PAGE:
FIG. 8 is a graph of ozone generation. A horizontal axis of FIG. 8 is the rate at which the loadlock chamber is filled in Torr per minute. The higher the valve on the horizontal axis, the faster the loadlock chamber will be filled. A backfill rate of 60 Torr per minute, for example, means that the loadlock chamber is filled to 600 Torr within 10 minutes. The loadlock is preferably filled to 600 Torr within 20 minutes to maintain throughput, i.e. the rate on the horizontal axis is preferably at least 30.
A vertical axis of the FIG. 8 graph is ozone concentration in parts per million. It can be seen from the graph that the ozone concentration is higher for lower filling rates of the load lock chamber. Furthermore, there is an appreciable increase in ozone concentration for filling rates below 50 (i.e. a filling time of more than 12 minutes). The filling rate is therefore preferably between 20 Torr per minutes and 50 Torr per minute for purposes discussed with reference to FIG. 8 alone.
FIG. 9 is a graph of encapsulation of a wafer with an oxide formed with ozone gas. A horizontal axis of the FIG. 9 graph is the ozone concentration in parts per million and the vertical axis is oxide thickness as measured with a single wavelength ellipsometry technique. The wafer is maintained at about room temperature and is exposed to the air and ozone gas mixture for 12 minutes. There is an increase in oxide thickness with ozone concentration up to an ozone concentration of about 400 parts per million. In order to obtain an oxide thickness which is sufficiently thick the ozone concentration is preferably at least 250 parts per million. From FIG. 9 can thus be gathered that the ozone concentration is preferably between 250 parts per million and 350 parts per million. Referring again to FIG. 8, it can be seen that such an ozone concentration requires a filling rate of between 33 Torr per minute and 45 Torr per minute. In order to maintain an ozone concentration of at least 250 parts per million and an appreciable oxide thickness, the loadlock is preferably filled at a rate of about 45 Torr per minute.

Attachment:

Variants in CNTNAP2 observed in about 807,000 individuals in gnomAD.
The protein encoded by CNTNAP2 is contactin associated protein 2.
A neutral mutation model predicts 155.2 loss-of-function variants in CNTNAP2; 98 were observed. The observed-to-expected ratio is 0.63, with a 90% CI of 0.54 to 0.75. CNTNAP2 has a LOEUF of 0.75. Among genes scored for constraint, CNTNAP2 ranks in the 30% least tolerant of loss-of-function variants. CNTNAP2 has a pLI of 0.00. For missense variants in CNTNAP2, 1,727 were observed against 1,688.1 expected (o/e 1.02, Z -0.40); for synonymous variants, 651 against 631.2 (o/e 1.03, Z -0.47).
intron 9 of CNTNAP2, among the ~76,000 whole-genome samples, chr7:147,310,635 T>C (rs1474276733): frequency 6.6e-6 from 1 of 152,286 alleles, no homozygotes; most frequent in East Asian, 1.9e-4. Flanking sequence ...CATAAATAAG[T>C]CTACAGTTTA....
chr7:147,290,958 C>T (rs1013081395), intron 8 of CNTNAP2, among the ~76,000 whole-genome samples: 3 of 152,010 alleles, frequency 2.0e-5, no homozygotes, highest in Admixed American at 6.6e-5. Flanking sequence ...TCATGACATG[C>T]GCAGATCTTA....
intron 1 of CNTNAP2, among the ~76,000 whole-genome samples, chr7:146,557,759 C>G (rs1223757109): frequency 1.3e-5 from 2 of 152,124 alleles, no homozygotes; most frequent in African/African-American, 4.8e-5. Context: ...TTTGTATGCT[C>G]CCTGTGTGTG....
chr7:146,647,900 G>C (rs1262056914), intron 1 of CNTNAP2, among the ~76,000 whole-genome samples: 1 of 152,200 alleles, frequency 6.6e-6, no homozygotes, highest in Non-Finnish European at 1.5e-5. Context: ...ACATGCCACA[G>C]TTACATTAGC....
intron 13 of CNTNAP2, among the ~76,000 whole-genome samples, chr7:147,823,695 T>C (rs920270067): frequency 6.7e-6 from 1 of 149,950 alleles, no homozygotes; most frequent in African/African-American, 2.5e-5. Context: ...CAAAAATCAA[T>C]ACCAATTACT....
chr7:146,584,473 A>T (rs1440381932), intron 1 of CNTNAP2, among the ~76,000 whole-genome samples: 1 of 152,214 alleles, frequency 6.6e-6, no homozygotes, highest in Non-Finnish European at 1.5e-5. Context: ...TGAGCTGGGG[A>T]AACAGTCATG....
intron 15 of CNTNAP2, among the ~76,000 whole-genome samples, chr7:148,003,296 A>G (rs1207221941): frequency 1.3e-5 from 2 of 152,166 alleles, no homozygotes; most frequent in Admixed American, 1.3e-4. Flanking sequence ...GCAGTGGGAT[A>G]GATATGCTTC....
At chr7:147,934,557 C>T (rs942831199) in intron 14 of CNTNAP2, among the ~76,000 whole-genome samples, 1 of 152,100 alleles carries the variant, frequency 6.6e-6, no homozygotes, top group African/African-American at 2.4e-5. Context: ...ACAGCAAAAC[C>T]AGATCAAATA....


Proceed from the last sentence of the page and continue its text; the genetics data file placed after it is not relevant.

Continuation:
While certain exemplary embodiments have been described and shown in the accompanying drawings, it is to be understood that such embodiments are merely illustrative and not restrictive of the current invention, and that this invention is not restricted to the specific constructions and arrangements shown and described, since modifications may occur to those ordinarily skilled in the art. In another embodiment an ozone source may, for example, be a contained source of ozone located externally of a loadlock chamber. In another embodiment, an ozone source such as an ozone generator may, for example, be located within a loadlock chamber.
|Cited Patent||Filing date||Publication date||Applicant||Title|
|US1037500 *||Nov 23, 1911||Sep 3, 1912||Michael John Fritz||Ozonizer.|
|US3766051 *||Sep 22, 1971||Oct 16, 1973||Pollution Control Ind Inc||Liquid cooled ozone generator|
|US3776023 *||Dec 22, 1971||Dec 4, 1973||Monitor Labs Inc||Calibration system for gas analyzers|
|US4341592||Aug 4, 1975||Jul 27, 1982||Texas Instruments Incorporated||Method for removing photoresist layer from substrate by ozone treatment|